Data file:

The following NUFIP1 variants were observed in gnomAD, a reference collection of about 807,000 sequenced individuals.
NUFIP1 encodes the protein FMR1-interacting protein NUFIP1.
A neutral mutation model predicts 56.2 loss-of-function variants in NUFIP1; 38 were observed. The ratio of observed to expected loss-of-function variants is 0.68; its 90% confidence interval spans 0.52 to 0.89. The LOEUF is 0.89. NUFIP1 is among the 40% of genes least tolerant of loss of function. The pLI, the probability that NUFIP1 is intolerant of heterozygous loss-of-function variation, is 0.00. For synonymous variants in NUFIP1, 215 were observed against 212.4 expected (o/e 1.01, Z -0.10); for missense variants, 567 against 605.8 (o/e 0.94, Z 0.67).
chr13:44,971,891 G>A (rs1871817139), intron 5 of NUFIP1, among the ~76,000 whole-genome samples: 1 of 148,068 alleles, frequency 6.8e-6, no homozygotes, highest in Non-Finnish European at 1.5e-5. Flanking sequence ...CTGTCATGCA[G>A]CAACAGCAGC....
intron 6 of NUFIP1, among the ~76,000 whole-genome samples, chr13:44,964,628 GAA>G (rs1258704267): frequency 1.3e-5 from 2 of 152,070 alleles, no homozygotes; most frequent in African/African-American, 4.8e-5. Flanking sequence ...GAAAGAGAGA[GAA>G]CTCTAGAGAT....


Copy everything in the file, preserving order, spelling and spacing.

The following NUFIP1 variants were observed in gnomAD, a reference collection of about 807,000 sequenced individuals.
NUFIP1 encodes the protein FMR1-interacting protein NUFIP1.
A neutral mutation model predicts 56.2 loss-of-function variants in NUFIP1; 38 were observed. The ratio of observed to expected loss-of-function variants is 0.68; its 90% confidence interval spans 0.52 to 0.89. The LOEUF is 0.89. NUFIP1 is among the 40% of genes least tolerant of loss of function. The pLI, the probability that NUFIP1 is intolerant of heterozygous loss-of-function variation, is 0.00. For synonymous variants in NUFIP1, 215 were observed against 212.4 expected (o/e 1.01, Z -0.10); for missense variants, 567 against 605.8 (o/e 0.94, Z 0.67).
chr13:44,971,891 G>A (rs1871817139), intron 5 of NUFIP1, among the ~76,000 whole-genome samples: 1 of 148,068 alleles, frequency 6.8e-6, no homozygotes, highest in Non-Finnish European at 1.5e-5. Flanking sequence ...CTGTCATGCA[G>A]CAACAGCAGC....
intron 6 of NUFIP1, among the ~76,000 whole-genome samples, chr13:44,964,628 GAA>G (rs1258704267): frequency 1.3e-5 from 2 of 152,070 alleles, no homozygotes; most frequent in African/African-American, 4.8e-5. Flanking sequence ...GAAAGAGAGA[GAA>G]CTCTAGAGAT....